Radical Forgiveness

Today I discuss an idea that is both painful and distasteful to anyone who has gone through difficult times, at the hands of someone with whom they may still harbour feelings of animosity.

Ex spouses, business partners, estranged children or family members. Even SELF-loathing. I first saw came across the idea in a book by Vishen Lakhiani titled “The code of the extraordinary mind”, which is an excellent resource for reviewing your current state of mind and then suggests strategies for changing belief patterns to help you move forward. Radical forgiveness is depicted as a mental focus technique that is designed to focus on both your perception of the individual and their wrongdoing, experiencing and analysing your emotional response and then attempting to disarm that emotional response by consciously viewing that person in a different light.

The sole purpose is to recondition your response to that experience so that you are not held back by a continual internal trigger to anger or depression. Studies have shown that this practice, even for a few minutes a day, as a stand alone or as part of a longer meditation routine have substantial cardiovascular effects as well as physical performance effects. Not to mention emotional benefits. And the beauty is that you do not need to actually confront or forgive that individual to their face. The technique is about YOU not THEM.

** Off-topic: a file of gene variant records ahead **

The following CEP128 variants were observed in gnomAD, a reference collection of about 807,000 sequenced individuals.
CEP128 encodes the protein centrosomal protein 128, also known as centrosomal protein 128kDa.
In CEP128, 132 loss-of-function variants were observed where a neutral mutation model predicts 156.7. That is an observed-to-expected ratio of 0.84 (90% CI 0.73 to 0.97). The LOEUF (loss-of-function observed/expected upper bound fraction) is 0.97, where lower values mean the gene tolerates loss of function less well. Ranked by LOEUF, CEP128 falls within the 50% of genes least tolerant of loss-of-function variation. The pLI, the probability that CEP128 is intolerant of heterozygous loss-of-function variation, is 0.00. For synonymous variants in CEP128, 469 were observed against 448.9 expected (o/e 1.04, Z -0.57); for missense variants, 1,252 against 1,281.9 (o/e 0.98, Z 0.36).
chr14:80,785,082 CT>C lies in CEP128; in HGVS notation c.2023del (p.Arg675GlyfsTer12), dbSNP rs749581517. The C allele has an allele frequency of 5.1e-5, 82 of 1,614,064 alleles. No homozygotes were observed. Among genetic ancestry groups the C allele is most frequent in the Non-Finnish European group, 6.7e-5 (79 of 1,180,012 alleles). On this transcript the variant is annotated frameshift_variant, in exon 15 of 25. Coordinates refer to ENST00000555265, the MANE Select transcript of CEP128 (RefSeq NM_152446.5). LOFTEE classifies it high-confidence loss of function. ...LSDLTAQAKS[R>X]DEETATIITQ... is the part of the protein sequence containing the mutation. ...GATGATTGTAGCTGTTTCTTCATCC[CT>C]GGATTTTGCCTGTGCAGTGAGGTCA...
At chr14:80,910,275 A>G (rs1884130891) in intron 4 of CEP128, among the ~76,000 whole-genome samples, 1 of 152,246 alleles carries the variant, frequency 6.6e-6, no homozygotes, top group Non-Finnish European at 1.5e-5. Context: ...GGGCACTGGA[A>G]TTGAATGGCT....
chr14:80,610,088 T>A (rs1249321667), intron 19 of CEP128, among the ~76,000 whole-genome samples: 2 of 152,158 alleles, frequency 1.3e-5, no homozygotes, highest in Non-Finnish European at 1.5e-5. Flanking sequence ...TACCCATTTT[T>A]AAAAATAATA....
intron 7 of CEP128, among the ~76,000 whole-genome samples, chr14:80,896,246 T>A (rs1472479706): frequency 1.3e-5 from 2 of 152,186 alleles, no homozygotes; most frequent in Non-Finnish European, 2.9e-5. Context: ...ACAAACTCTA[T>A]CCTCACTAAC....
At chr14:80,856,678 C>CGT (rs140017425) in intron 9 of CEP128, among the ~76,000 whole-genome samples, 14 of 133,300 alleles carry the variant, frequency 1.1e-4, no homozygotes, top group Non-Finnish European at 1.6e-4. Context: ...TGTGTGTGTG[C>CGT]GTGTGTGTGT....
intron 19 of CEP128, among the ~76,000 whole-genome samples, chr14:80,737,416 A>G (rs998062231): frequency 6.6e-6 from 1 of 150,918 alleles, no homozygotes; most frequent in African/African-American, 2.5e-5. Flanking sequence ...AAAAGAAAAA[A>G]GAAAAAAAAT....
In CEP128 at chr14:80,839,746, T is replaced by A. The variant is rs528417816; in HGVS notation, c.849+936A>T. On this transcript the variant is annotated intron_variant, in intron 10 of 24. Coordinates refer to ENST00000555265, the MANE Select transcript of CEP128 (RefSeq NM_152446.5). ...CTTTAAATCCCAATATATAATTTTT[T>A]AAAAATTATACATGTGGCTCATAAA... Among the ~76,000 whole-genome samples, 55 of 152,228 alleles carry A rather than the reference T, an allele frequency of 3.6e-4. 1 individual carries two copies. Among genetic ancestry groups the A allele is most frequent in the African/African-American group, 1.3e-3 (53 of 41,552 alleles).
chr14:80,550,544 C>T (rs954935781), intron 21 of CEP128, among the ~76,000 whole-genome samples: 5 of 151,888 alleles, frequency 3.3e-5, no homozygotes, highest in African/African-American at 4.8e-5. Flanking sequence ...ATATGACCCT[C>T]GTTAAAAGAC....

Lakhiani describes undergoing this training with Dave Asprey in his 40 years of Zen program, and though several articles have been published, this one seems to be the most credible at present: Carson, J. W, Keefe, F. J., Goli, V., Fras, A. M.,Lynch, S. R., et. al., Forgiveness and chronic low back pain: a preliminary study examining the relationship of forgiveness to pain, anger and psychological distress; The Journal of Pain. 6(2): 2005: 84-91

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